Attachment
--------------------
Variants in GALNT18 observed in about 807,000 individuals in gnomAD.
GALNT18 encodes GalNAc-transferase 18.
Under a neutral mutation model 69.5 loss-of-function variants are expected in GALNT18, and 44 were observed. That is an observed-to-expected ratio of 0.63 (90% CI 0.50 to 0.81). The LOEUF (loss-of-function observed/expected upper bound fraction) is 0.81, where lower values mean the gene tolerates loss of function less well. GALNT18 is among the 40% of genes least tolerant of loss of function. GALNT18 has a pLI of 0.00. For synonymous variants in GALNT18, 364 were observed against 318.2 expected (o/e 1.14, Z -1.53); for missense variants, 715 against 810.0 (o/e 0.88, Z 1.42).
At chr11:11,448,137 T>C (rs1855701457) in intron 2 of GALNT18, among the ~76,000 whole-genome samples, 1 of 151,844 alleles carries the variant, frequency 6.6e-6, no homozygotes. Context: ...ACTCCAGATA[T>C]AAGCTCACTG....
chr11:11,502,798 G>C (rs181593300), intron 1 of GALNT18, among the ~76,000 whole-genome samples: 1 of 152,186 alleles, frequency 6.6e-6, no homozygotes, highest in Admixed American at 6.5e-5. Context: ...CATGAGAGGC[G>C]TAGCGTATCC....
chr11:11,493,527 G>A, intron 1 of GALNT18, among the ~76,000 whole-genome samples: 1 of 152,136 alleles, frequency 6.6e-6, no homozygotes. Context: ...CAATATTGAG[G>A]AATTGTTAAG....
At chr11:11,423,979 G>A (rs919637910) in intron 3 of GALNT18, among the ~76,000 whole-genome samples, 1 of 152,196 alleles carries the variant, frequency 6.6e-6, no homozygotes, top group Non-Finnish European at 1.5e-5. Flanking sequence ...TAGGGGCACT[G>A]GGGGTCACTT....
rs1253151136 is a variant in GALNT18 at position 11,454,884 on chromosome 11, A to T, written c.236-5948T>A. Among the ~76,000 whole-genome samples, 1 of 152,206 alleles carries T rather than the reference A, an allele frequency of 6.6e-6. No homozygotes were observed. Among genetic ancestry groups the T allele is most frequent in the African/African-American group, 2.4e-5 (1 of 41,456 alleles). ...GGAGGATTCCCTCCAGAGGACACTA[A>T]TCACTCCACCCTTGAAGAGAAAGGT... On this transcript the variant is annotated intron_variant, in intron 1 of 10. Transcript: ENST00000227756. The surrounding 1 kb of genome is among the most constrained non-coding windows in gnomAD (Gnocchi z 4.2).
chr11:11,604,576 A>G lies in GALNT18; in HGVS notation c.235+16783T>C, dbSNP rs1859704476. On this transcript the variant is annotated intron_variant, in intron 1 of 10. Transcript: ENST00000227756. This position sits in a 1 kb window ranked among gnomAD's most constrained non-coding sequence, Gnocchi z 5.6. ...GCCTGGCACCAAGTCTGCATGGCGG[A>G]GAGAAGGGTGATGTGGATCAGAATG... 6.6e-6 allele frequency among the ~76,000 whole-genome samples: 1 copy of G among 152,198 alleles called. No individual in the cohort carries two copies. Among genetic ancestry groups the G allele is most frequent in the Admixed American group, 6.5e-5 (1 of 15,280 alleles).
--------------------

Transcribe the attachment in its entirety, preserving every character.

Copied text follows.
Variants in GALNT18 observed in about 807,000 individuals in gnomAD.
GALNT18 encodes GalNAc-transferase 18.
Under a neutral mutation model 69.5 loss-of-function variants are expected in GALNT18, and 44 were observed. That is an observed-to-expected ratio of 0.63 (90% CI 0.50 to 0.81). The LOEUF (loss-of-function observed/expected upper bound fraction) is 0.81, where lower values mean the gene tolerates loss of function less well. GALNT18 is among the 40% of genes least tolerant of loss of function. GALNT18 has a pLI of 0.00. For synonymous variants in GALNT18, 364 were observed against 318.2 expected (o/e 1.14, Z -1.53); for missense variants, 715 against 810.0 (o/e 0.88, Z 1.42).
At chr11:11,448,137 T>C (rs1855701457) in intron 2 of GALNT18, among the ~76,000 whole-genome samples, 1 of 151,844 alleles carries the variant, frequency 6.6e-6, no homozygotes. Context: ...ACTCCAGATA[T>C]AAGCTCACTG....
chr11:11,502,798 G>C (rs181593300), intron 1 of GALNT18, among the ~76,000 whole-genome samples: 1 of 152,186 alleles, frequency 6.6e-6, no homozygotes, highest in Admixed American at 6.5e-5. Context: ...CATGAGAGGC[G>C]TAGCGTATCC....
chr11:11,493,527 G>A, intron 1 of GALNT18, among the ~76,000 whole-genome samples: 1 of 152,136 alleles, frequency 6.6e-6, no homozygotes. Context: ...CAATATTGAG[G>A]AATTGTTAAG....
At chr11:11,423,979 G>A (rs919637910) in intron 3 of GALNT18, among the ~76,000 whole-genome samples, 1 of 152,196 alleles carries the variant, frequency 6.6e-6, no homozygotes, top group Non-Finnish European at 1.5e-5. Flanking sequence ...TAGGGGCACT[G>A]GGGGTCACTT....
rs1253151136 is a variant in GALNT18 at position 11,454,884 on chromosome 11, A to T, written c.236-5948T>A. Among the ~76,000 whole-genome samples, 1 of 152,206 alleles carries T rather than the reference A, an allele frequency of 6.6e-6. No homozygotes were observed. Among genetic ancestry groups the T allele is most frequent in the African/African-American group, 2.4e-5 (1 of 41,456 alleles). ...GGAGGATTCCCTCCAGAGGACACTA[A>T]TCACTCCACCCTTGAAGAGAAAGGT... On this transcript the variant is annotated intron_variant, in intron 1 of 10. Transcript: ENST00000227756. The surrounding 1 kb of genome is among the most constrained non-coding windows in gnomAD (Gnocchi z 4.2).
chr11:11,604,576 A>G lies in GALNT18; in HGVS notation c.235+16783T>C, dbSNP rs1859704476. On this transcript the variant is annotated intron_variant, in intron 1 of 10. Transcript: ENST00000227756. This position sits in a 1 kb window ranked among gnomAD's most constrained non-coding sequence, Gnocchi z 5.6. ...GCCTGGCACCAAGTCTGCATGGCGG[A>G]GAGAAGGGTGATGTGGATCAGAATG... 6.6e-6 allele frequency among the ~76,000 whole-genome samples: 1 copy of G among 152,198 alleles called. No individual in the cohort carries two copies. Among genetic ancestry groups the G allele is most frequent in the Admixed American group, 6.5e-5 (1 of 15,280 alleles).